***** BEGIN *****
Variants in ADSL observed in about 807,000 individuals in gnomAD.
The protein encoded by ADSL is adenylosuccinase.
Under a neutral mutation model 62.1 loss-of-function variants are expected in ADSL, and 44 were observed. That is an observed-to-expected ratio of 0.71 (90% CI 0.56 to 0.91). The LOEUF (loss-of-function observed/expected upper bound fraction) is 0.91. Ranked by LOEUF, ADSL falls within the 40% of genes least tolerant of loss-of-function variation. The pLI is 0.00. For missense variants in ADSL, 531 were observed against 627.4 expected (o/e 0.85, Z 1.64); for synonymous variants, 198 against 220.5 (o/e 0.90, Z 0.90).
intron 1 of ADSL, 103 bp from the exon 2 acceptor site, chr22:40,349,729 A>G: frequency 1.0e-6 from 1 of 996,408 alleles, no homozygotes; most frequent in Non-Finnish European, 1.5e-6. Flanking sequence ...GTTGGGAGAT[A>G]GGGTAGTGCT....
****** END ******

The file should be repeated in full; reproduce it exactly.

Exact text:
Variants in ADSL observed in about 807,000 individuals in gnomAD.
The protein encoded by ADSL is adenylosuccinase.
Under a neutral mutation model 62.1 loss-of-function variants are expected in ADSL, and 44 were observed. That is an observed-to-expected ratio of 0.71 (90% CI 0.56 to 0.91). The LOEUF (loss-of-function observed/expected upper bound fraction) is 0.91. Ranked by LOEUF, ADSL falls within the 40% of genes least tolerant of loss-of-function variation. The pLI is 0.00. For missense variants in ADSL, 531 were observed against 627.4 expected (o/e 0.85, Z 1.64); for synonymous variants, 198 against 220.5 (o/e 0.90, Z 0.90).
intron 1 of ADSL, 103 bp from the exon 2 acceptor site, chr22:40,349,729 A>G: frequency 1.0e-6 from 1 of 996,408 alleles, no homozygotes; most frequent in Non-Finnish European, 1.5e-6. Flanking sequence ...GTTGGGAGAT[A>G]GGGTAGTGCT....